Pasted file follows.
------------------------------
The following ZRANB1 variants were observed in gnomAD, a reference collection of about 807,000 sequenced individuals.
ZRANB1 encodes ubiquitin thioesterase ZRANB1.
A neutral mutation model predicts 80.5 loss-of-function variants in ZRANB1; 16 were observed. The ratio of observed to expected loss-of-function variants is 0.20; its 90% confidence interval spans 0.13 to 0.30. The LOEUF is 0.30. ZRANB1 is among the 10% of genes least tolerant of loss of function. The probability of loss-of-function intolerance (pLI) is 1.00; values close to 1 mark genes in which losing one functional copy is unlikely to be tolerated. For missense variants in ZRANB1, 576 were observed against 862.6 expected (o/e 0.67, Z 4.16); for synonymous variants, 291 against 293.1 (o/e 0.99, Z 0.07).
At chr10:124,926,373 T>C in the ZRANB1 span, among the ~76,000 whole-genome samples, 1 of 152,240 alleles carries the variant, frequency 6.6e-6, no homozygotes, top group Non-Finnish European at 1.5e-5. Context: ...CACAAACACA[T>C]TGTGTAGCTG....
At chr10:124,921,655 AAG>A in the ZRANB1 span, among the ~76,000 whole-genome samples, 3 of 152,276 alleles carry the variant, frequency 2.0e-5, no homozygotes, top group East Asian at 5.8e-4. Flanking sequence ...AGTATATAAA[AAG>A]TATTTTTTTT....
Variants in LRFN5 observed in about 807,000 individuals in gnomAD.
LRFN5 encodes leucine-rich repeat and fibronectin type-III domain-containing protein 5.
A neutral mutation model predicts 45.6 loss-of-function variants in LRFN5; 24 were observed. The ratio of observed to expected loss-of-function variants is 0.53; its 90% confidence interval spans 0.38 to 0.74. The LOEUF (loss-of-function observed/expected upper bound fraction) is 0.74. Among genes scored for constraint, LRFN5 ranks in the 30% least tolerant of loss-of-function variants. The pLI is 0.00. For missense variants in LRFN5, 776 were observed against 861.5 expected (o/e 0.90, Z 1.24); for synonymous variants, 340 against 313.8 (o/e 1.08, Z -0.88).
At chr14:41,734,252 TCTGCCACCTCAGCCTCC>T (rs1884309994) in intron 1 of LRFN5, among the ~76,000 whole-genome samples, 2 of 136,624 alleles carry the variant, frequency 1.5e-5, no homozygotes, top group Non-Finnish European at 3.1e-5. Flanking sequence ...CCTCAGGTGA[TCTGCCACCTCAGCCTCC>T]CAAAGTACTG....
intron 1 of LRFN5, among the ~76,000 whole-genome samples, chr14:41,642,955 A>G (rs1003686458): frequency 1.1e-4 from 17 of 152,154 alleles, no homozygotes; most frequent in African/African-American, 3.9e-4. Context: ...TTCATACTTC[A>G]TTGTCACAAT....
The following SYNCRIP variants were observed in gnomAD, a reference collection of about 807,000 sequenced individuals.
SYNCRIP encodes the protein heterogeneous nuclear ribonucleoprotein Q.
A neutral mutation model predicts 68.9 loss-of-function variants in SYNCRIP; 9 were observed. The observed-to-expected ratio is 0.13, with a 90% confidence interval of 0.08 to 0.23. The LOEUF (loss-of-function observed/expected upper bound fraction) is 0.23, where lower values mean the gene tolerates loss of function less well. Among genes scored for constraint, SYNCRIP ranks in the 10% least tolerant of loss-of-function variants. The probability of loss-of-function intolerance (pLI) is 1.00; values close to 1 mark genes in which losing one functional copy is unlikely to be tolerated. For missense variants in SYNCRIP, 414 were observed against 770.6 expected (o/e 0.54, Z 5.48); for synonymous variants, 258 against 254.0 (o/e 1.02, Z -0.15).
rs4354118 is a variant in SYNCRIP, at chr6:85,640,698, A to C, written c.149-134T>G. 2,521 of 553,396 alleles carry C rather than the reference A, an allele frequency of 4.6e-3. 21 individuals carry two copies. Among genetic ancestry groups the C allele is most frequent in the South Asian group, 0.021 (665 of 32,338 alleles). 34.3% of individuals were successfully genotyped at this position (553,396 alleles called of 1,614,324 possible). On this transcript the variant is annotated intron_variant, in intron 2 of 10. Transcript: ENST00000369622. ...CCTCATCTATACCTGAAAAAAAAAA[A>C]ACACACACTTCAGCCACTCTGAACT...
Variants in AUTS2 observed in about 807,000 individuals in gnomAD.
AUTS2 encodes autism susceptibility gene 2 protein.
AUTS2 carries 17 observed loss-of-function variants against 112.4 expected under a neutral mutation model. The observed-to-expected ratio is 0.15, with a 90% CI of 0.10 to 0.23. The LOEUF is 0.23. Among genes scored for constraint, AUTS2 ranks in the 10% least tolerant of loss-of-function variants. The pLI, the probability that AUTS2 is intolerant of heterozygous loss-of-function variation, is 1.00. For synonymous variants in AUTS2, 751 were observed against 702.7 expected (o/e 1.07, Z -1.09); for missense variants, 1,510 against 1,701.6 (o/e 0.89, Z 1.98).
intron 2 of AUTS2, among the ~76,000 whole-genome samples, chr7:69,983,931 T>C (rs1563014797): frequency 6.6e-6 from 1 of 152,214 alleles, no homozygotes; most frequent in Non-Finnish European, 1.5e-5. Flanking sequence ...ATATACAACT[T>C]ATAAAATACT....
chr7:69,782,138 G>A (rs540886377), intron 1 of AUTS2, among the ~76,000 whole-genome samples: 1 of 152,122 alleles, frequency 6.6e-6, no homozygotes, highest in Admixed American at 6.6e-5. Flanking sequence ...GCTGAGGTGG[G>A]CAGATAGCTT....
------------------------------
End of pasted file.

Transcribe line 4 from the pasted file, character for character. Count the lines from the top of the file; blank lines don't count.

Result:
At chr10:124,926,373 T>C in the ZRANB1 span, among the ~76,000 whole-genome samples, 1 of 152,240 alleles carries the variant, frequency 6.6e-6, no homozygotes, top group Non-Finnish European at 1.5e-5. Context: ...CACAAACACA[T>C]TGTGTAGCTG....